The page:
Abbreviations
ATP: adenosine triphosphate; ASC: apoptosis-associated speck-like protein containing CARD; IL-1β: interleukin-1β; NLRP3: Nod-like receptor family: pyrin domain containing 3; MSU: monosodium urate; SAA: serum amyloid A; TLR: toll-like receptor.
Competing interests
The authors declare that they have no competing interests.
Authors' contributions
KM, AK, TT, KS, MI, YM and YJ carried out cell culture and biochemical analysis. TK, YI, TM and MN participated in the design of the study and performed the statistical analysis. AK, SM, HI and TN conceived the study, participated in its design and coordination, and helped to draft the manuscript. All authors read and approved the final manuscript.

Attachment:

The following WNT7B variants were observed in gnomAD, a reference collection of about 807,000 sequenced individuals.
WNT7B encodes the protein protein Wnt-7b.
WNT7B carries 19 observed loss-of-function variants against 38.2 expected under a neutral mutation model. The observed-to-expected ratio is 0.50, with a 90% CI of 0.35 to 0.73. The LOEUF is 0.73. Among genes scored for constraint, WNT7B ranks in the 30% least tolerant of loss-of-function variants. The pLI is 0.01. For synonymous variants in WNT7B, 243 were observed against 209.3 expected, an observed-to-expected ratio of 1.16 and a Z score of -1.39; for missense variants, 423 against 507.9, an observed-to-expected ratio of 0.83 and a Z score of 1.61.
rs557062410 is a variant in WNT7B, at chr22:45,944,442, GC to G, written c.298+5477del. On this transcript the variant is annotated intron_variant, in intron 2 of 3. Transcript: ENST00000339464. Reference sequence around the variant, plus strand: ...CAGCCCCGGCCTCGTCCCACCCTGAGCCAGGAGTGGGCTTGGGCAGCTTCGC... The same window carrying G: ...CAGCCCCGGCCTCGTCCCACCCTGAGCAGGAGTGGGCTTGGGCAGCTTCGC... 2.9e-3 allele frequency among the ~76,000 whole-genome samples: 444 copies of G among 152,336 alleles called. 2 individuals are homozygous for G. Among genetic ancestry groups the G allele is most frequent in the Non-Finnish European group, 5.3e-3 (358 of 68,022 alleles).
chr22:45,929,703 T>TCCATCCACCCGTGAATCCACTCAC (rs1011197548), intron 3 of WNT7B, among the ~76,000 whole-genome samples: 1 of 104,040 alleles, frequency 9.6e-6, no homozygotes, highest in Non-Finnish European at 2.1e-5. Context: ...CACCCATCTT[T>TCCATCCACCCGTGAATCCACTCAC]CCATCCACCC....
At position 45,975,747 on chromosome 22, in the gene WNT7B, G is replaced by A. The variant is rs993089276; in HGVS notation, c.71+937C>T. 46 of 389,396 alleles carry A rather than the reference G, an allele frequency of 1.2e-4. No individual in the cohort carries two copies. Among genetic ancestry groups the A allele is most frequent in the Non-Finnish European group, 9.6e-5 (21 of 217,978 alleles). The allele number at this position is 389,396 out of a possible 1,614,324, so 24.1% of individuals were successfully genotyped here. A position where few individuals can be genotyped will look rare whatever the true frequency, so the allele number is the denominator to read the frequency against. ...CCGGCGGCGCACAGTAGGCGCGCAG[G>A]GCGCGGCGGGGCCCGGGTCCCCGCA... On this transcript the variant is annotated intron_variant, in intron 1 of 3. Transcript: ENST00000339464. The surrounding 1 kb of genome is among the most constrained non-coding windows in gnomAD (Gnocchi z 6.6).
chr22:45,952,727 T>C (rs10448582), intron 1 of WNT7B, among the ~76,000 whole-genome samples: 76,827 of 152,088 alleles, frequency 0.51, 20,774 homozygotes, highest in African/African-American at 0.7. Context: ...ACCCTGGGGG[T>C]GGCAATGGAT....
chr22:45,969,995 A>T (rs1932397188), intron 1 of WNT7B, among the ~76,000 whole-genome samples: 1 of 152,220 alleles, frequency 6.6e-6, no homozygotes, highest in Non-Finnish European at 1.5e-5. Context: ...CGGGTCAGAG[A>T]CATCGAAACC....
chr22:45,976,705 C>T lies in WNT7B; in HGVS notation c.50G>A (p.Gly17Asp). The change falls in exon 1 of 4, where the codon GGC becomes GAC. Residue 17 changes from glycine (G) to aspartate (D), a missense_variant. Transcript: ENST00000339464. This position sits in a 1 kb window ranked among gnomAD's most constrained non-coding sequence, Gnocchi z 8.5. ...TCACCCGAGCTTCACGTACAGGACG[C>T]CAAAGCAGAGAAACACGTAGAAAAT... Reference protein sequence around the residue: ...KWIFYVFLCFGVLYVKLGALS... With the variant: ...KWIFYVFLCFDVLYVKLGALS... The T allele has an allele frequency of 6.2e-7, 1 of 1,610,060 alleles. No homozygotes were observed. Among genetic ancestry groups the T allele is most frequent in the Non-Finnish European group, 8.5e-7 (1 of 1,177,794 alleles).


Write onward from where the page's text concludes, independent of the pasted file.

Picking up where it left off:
Acknowledgements
This work was supported by a Grant-in-Aid for Research on intractable diseases from Ministry of Health, Labour and Welfare of Japan, "Study group of national-wide survey for FMF in Japan"
  • Lioté F, Ea HK. Gout: update on some pathogenic and clinical aspects. Rheum Dis Clin North Am. 2006;32:295–311. doi: 10.1016/j.rdc.2006.03.001. [PubMed] [Cross Ref]
  • Martinon F. Mechanisms of uric acid crystal-mediated autoinflammation. Immunol Rev. 2010;233:218–232. doi: 10.1111/j.0105-2896.2009.00860.x. [PubMed] [Cross Ref]
  • Burns K, Martinon F, Tschopp J. New insights into the mechanism of IL-1beta maturation. Curr Opin Immunol. 2003;15:26–30. doi: 10.1016/S0952-7915(02)00017-1. [PubMed] [Cross Ref]
  • Martinon F, Burns K, Tschopp J. The inflammasome: a molecular platform triggering activation of inflammatory caspases and processing of proIL-beta. Mol Cell. 2002;10:417–426. doi: 10.1016/S1097-2765(02)00599-3. [PubMed] [Cross Ref]
  • Martinon F, Pétrilli V, Mayor A, Tardivel A, Tschopp J. Gout-associated uric acid crystals activate the NALP3 inflammasome. Nature. 2006;440:237–241. doi: 10.1038/nature04516. [PubMed] [Cross Ref]